A team of researchers from the University of Adelaide is studying how exposure to microgravity and space radiation on the International Space Station affects the stability of pharmaceutical tablet formulations.
Two separate missions will send science payloads into orbit around Earth: the first will test how tablets cope with the environment inside the International Space Station (ISS) US National Laboratory, while the second mission scheduled for early 2021 will test how tablets cope outside the ISS.
University of Adelaide’s Professor Volker Hessel, research director of the Centre for Sustainable Planetary and Space Resources and Professor in the School of Chemical Engineering and Advanced Materials, explained, “Our microgravity and space radiation investigations, evaluating pharmaceutical stability, are the first science payloads to be sent by the university to the ISS.
“The investigation will be conducted inside and outside the ISS National Laboratory in two separately owned and operated research facilities,” Professor Hessel added.
Materials used in the tablets being tested, which are packaged in blister packs as they would be available commercially, include Ibuprofen as a pharmaceutical active ingredient and vitamin C, and excipients which are found in abundance in the lunar surface such as silica, magnesium silicate (talcum) and calcium phosphate.
These materials and others could be used for new pharmaceutical formulations which may benefit the stability and bioavailability of formulations on Earth as well as those for use in space.
“The tablets, which were made at the University of Adelaide, will be exposed to the microgravity and cosmic rays found in the harsh environment of space for six months before returning to Earth where we will test what effect the space environment has had on them,” said Professor Hessel.
The first mission will be launched on Wednesday, 30 September, from NASA’s Wallops Flight Facility in Virginia, USA, and will reach the ISS on Saturday, 3 October. Space Tango’s automated CubeLab hardware containing the tablets will be installed inside the ISS.
Professor Hessel added, “We only used ingredients from materials that are only available on the moon, and in so doing, we are making the first steps towards autonomous on-board pharmaceutical manufacturing.”
Space Tango CEO and co-founder Twyman Clements added, “Space Tango is pleased to coordinate with Alpha Space on a companion external study as we support the University of Adelaide’s initial mission to the ISS. This investigation highlights the true spirit of cooperation that is at the foundation of advancing ISS capabilities and the future of the commercial space economy.”
The second mission, scheduled for early 2021, will see tablets in Alpha Space’s Materials International Space Station Experiment (MISSE) platform installed outside the ISS, in the vacuum of space.
“It is excellent to see collaborations with international partners, and between implementation partners, taking shape. These partnerships allow us to leverage the multiple environments on the ISS and accelerate science and discovery. We look forward to supporting the University of Adelaide in future initiatives where access to our external platform can accelerate their ongoing space efforts,” explained Mark Gittleman, president and chief executive of Alpha Space.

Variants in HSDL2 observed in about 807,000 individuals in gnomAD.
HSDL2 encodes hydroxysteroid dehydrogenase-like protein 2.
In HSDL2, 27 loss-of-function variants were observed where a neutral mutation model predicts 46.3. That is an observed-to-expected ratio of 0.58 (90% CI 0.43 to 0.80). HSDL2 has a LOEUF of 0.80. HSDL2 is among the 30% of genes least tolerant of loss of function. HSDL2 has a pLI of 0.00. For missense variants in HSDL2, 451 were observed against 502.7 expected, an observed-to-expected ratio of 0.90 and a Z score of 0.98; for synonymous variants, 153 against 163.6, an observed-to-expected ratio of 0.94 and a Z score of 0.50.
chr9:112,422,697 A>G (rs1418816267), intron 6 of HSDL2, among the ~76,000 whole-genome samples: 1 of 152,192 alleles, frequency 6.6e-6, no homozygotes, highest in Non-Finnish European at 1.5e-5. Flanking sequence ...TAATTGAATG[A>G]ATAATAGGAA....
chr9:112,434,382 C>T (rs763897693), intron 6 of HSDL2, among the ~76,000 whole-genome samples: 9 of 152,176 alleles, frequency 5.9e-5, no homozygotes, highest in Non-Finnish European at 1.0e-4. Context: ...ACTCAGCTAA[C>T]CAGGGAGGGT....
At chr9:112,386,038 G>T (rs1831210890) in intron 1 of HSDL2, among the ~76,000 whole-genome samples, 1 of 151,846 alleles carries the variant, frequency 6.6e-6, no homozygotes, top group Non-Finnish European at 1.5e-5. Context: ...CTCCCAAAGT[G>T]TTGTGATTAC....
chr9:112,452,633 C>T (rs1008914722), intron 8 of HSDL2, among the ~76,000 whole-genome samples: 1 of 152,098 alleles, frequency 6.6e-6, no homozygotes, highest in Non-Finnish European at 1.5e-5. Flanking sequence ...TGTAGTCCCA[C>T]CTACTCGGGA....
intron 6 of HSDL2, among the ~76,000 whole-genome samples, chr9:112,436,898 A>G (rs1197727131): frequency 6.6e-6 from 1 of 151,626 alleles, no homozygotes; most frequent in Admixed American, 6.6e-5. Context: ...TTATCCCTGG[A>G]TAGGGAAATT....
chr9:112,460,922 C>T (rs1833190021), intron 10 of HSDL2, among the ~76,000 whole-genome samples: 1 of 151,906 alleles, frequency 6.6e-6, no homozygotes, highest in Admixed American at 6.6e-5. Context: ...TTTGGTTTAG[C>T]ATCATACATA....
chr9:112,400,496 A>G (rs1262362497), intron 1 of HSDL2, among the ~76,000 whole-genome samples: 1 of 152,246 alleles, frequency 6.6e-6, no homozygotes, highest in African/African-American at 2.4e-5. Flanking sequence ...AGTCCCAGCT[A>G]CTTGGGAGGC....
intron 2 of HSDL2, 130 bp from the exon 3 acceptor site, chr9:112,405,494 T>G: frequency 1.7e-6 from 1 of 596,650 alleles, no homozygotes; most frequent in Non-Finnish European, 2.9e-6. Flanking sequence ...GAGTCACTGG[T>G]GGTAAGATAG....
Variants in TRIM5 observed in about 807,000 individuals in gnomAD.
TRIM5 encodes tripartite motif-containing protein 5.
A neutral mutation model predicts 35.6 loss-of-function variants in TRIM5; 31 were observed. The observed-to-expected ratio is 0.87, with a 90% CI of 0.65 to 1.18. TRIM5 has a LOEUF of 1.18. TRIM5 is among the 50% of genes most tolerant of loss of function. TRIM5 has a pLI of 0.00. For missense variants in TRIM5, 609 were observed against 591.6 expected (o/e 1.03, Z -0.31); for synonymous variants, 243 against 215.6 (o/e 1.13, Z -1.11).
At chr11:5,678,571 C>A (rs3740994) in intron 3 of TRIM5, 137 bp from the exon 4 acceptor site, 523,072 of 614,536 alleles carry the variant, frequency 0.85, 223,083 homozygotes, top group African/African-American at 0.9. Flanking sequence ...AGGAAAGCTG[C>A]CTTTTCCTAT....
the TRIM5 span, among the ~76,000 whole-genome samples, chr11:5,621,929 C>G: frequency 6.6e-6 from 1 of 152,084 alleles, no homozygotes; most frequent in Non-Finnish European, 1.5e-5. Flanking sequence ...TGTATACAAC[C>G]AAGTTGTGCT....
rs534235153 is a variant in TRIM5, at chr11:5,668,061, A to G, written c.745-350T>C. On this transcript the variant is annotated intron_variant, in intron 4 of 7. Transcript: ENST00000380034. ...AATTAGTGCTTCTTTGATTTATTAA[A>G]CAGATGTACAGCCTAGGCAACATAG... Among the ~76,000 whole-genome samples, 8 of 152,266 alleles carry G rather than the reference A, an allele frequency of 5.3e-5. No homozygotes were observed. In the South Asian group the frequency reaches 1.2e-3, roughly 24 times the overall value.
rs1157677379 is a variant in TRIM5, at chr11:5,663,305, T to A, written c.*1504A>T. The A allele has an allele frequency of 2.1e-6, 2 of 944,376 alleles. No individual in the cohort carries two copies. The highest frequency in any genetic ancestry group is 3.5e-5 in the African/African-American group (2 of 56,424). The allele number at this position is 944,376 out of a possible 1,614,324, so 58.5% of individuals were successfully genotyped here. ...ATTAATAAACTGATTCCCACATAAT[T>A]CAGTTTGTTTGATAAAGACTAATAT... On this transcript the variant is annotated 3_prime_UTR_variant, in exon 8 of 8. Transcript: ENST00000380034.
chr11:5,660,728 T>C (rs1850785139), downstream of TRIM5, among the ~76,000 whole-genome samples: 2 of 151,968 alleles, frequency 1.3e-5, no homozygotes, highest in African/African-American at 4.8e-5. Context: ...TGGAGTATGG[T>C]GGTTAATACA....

Today, astronauts living in space 250 miles above the Earth’s surface have a supply of fully stocked and non-expired medicines courtesy of commercial resupply missions from Earth. However, future astronauts that endure a three-year trip to Mars may not have the same convenience.
Without access to frequent resupply missions, pre-packed medicine for their journey will likely expire as most commercially available medicines have an average shelf life of two years, and sometimes less.
Professor Hessel added, “Collecting data on medicine stabilisation for long-term space missions using both the internal and external platforms allows us to generate highly innovative data sets that will help direct future on-orbit and on-demand production of medicines.”
While extending the shelf life of medicine might seem feasible, future astronauts will still be limited by both storage capacity and variety.
“As our first study on the ISS, we are excited to have the opportunity to work with strong and experienced partners like Space Tango and Alpha Space to support our science. We look forward to working together on future studies on these internal and external platforms to further advance our space resource initiatives across interdisciplinary medicine process technology applications,” Professor Hessel said.
The ability to produce drugs in space and on-demand could be the best solution to both of these challenges with added benefits to pharmaceutical companies here on Earth as well. This is why the University of Adelaide, Space Tango and Alpha Space are working together to provide information towards this solution.
Space research is one of the University of Adelaide’s key industry engagement priorities as set out in its strategic plan Future Making.
Space Tango’s mission is to manufacture health and technology products in space that create value and transformational solutions. As a leader in automated systems, Space Tango pursues pathways to on-orbit production with a diverse partner base.
Alpha Space is an ISS National Laboratory implementation partner and commercialisation partner, working through a cooperative agreement with NASA and a user agreement with the International Space Station US National Laboratory.
The University of Adelaide is a world-class research and teaching institution, centred on discovering new knowledge, pursuing innovation and preparing the educated leaders of tomorrow.
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